Background and aims: Exercise in older people may reduce falls and improve functional abilities. Less is known about the optimal amount of training. The aim of this study was to determine the effectiveness of home training, and whether group training in addition to home training enhances the effect.
Methods: This randomized trial included 77 persons aged 75 years and older (mean 81, SD 4.5), living at home. Home training (HT) comprised twice-daily functional balance and strength exercises and 3 group meetings. Combined training (CT) included group training twice weekly and the same home exercises. The trial lasted 12 weeks. Physical therapists ran both programs. Exercises and falls were recorded daily. We assessed function at baseline, 3 and 9 months, and falls at one year.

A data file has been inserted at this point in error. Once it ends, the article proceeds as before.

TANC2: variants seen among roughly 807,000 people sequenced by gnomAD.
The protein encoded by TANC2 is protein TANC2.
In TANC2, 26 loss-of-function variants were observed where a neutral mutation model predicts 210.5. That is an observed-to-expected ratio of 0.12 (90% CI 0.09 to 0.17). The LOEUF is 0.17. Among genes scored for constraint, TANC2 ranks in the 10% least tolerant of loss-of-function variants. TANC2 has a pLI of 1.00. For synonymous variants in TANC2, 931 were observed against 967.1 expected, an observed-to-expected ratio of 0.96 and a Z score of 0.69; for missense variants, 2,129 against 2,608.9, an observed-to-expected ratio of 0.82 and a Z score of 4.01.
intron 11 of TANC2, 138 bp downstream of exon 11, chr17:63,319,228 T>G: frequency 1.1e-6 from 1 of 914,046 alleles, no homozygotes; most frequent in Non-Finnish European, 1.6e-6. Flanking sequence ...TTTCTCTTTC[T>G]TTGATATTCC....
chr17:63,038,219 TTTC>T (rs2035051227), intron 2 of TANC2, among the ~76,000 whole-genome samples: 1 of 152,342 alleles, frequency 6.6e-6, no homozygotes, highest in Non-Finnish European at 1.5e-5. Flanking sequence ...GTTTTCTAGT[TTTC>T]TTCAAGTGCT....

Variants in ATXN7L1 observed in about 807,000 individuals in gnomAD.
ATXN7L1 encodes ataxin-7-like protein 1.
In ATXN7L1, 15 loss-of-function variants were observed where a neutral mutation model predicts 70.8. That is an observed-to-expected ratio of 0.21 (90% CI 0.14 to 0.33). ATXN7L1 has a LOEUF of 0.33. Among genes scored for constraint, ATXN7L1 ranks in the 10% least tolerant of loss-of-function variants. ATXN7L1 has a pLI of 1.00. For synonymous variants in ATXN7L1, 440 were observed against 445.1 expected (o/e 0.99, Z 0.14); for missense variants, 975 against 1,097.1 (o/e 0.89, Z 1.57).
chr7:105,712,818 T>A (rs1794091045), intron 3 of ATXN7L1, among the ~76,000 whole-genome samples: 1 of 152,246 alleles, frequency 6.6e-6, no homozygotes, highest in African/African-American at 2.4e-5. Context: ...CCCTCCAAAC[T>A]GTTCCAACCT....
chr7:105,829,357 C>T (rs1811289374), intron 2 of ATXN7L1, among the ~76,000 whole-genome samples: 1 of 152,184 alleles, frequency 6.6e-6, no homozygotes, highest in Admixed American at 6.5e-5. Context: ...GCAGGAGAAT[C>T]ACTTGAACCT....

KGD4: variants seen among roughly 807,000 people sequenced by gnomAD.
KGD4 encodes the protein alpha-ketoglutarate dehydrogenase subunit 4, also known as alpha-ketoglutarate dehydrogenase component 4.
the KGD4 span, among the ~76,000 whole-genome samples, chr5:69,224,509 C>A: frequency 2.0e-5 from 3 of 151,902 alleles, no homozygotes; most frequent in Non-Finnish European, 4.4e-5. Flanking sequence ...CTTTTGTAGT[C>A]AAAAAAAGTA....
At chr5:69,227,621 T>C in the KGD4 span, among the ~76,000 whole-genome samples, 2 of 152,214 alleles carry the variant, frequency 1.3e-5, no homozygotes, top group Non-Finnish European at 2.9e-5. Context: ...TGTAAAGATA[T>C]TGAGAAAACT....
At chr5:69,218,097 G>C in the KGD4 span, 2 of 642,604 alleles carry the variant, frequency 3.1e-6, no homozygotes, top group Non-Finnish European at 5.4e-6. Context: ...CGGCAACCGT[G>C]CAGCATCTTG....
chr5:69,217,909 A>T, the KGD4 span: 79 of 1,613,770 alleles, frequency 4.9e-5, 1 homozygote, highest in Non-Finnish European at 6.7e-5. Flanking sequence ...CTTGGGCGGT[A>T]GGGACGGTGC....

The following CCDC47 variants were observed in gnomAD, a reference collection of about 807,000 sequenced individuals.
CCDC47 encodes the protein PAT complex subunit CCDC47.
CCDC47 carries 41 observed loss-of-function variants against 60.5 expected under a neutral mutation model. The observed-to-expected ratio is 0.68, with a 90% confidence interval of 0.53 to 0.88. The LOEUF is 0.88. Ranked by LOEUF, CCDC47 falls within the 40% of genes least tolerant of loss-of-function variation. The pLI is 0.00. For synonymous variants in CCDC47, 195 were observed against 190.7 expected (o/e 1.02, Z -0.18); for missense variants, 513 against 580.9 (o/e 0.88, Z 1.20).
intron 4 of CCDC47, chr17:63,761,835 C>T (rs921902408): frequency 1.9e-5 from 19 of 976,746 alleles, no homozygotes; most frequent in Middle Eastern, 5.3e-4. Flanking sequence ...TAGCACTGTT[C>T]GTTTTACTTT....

Results: Mean participation for group meetings was 2.5 out of 3 (HT group) and, for group training sessions, 21 out of 24 (CT group). The mean numbers of daily home sessions were 1.29 and 1.35 in the HT and CT groups. Overall improvement, but no group differences, were found at 3 months for walking speed, Figure of Eight, Timed Up & Go, Maximum Step Length, Timed Pick-up and Sit-to-stand (p<0.02). Posturography (p=0.85) and isometric quadriceps strength (p=0.26) showed no improvement. Function at 9 months was equivalent to baseline level. There were no group differences in fall rate (p=0.78) or time to first fall (p=0.84).
Conclusions: Daily home training supervised by physical therapists improved functional abilities. Supplementary individualized group training gave no additional effect. The effect on function was not present 6 months after the end of the intervention.